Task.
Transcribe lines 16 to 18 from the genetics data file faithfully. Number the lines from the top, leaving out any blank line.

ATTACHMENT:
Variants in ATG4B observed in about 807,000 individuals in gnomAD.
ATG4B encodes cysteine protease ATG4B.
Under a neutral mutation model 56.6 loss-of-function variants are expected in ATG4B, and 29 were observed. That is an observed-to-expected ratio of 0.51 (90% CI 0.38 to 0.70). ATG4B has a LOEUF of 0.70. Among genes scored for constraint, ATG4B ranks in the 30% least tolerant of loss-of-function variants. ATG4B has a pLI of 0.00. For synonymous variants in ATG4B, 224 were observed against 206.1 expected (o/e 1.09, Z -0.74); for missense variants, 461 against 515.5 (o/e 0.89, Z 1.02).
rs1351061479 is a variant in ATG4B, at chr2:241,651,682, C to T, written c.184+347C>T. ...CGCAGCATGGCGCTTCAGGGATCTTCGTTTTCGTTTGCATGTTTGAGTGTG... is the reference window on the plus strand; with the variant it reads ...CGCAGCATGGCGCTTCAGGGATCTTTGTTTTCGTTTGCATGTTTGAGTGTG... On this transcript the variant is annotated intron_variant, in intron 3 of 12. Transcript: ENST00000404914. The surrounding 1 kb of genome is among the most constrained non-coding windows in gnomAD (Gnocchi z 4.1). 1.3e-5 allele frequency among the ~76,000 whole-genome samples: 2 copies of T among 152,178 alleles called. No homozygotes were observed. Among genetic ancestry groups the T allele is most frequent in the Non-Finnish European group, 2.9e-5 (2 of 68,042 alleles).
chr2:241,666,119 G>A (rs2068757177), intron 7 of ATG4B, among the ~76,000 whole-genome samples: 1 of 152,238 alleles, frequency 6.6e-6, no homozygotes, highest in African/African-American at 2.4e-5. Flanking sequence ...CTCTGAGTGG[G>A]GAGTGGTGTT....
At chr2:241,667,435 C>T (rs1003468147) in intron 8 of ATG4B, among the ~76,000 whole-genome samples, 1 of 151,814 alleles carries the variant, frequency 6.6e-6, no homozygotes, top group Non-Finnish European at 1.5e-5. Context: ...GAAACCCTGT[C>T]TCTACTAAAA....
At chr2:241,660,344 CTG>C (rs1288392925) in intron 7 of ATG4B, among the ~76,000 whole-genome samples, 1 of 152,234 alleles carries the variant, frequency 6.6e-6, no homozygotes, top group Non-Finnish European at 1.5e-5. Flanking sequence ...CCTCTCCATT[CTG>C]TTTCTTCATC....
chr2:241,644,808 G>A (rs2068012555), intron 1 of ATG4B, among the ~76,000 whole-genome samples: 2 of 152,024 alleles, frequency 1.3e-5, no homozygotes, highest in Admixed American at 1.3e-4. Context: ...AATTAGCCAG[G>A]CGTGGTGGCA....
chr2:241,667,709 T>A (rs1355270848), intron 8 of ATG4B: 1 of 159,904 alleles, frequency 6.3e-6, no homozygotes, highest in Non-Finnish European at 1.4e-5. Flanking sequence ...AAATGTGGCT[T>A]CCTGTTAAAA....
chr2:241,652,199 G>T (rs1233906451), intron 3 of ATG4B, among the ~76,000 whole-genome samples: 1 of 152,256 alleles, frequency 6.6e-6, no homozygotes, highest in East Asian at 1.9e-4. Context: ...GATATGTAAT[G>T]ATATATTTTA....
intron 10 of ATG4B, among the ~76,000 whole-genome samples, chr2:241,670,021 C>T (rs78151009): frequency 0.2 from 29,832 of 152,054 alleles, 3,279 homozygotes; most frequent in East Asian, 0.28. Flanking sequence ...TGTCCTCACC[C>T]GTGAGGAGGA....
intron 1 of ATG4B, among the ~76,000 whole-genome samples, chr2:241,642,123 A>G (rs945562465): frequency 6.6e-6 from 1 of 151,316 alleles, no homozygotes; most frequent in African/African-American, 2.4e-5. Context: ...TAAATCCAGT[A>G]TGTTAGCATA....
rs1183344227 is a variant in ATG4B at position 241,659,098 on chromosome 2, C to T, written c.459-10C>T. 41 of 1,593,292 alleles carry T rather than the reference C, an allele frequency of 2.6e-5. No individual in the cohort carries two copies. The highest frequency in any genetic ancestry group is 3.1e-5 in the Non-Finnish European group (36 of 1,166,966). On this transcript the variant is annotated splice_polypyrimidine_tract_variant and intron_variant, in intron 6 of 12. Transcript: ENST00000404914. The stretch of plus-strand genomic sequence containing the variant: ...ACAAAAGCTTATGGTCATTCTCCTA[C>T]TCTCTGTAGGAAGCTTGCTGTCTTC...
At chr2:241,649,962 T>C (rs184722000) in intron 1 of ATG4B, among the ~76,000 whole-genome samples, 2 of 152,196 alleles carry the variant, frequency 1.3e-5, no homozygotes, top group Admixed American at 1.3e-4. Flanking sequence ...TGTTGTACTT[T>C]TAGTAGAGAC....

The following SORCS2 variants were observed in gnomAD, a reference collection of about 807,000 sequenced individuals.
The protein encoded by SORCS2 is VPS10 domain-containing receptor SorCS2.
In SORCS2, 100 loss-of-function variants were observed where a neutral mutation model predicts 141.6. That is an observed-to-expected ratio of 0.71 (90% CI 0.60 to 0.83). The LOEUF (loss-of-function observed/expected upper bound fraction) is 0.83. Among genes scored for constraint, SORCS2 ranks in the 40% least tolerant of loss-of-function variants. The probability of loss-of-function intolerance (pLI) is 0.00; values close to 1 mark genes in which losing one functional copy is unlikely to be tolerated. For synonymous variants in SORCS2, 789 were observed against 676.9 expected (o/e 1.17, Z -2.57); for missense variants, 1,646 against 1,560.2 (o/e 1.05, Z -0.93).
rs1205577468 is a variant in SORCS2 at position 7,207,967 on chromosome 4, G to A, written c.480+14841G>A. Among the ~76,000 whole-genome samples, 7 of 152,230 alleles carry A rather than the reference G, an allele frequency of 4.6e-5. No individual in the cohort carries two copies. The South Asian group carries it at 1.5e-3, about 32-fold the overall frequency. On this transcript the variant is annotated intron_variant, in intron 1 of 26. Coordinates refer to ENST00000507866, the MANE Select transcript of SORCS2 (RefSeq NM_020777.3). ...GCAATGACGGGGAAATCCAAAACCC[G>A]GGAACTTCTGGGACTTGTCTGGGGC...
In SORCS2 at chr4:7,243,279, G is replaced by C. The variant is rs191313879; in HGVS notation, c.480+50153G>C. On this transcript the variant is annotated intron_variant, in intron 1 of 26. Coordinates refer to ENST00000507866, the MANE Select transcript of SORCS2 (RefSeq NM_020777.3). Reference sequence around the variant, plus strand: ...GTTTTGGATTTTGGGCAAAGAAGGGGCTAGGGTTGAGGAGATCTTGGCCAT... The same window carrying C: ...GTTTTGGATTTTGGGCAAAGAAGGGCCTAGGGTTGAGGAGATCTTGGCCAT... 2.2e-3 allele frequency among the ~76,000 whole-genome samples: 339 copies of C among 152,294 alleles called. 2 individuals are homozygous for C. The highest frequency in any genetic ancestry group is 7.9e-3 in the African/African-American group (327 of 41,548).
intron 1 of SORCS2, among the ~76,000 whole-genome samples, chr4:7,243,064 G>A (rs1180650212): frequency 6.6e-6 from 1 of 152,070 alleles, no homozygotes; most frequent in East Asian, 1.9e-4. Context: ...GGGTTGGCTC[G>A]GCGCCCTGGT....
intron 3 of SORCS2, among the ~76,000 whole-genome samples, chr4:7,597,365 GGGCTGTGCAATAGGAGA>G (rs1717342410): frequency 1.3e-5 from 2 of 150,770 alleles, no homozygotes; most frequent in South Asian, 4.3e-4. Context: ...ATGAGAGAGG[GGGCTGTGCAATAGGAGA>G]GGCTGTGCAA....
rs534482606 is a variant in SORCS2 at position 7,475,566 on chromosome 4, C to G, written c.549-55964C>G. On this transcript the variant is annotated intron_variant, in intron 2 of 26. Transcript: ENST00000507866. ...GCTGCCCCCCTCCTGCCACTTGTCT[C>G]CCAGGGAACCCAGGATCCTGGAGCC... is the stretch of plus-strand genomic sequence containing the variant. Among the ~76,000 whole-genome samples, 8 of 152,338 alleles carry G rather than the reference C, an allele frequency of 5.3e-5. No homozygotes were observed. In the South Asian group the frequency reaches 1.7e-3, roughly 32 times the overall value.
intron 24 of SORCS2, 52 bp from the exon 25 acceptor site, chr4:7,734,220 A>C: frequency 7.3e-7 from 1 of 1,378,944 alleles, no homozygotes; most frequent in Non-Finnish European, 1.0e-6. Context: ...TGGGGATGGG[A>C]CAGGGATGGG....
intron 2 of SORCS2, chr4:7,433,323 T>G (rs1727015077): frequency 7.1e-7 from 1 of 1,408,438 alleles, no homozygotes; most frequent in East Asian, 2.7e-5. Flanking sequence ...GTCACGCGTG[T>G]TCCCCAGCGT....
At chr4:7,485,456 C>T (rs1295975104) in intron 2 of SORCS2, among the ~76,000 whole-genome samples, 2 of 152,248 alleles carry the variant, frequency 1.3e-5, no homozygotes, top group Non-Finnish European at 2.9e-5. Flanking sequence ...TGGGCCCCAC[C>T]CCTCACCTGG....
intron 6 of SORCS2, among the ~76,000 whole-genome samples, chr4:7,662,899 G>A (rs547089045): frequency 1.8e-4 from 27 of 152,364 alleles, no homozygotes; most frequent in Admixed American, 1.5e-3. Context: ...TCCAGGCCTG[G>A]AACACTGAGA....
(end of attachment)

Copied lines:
The protein encoded by SORCS2 is VPS10 domain-containing receptor SorCS2.
In SORCS2, 100 loss-of-function variants were observed where a neutral mutation model predicts 141.6. That is an observed-to-expected ratio of 0.71 (90% CI 0.60 to 0.83). The LOEUF (loss-of-function observed/expected upper bound fraction) is 0.83. Among genes scored for constraint, SORCS2 ranks in the 40% least tolerant of loss-of-function variants. The probability of loss-of-function intolerance (pLI) is 0.00; values close to 1 mark genes in which losing one functional copy is unlikely to be tolerated. For synonymous variants in SORCS2, 789 were observed against 676.9 expected (o/e 1.17, Z -2.57); for missense variants, 1,646 against 1,560.2 (o/e 1.05, Z -0.93).
rs1205577468 is a variant in SORCS2 at position 7,207,967 on chromosome 4, G to A, written c.480+14841G>A. Among the ~76,000 whole-genome samples, 7 of 152,230 alleles carry A rather than the reference G, an allele frequency of 4.6e-5. No individual in the cohort carries two copies. The South Asian group carries it at 1.5e-3, about 32-fold the overall frequency. On this transcript the variant is annotated intron_variant, in intron 1 of 26. Coordinates refer to ENST00000507866, the MANE Select transcript of SORCS2 (RefSeq NM_020777.3). ...GCAATGACGGGGAAATCCAAAACCC[G>A]GGAACTTCTGGGACTTGTCTGGGGC...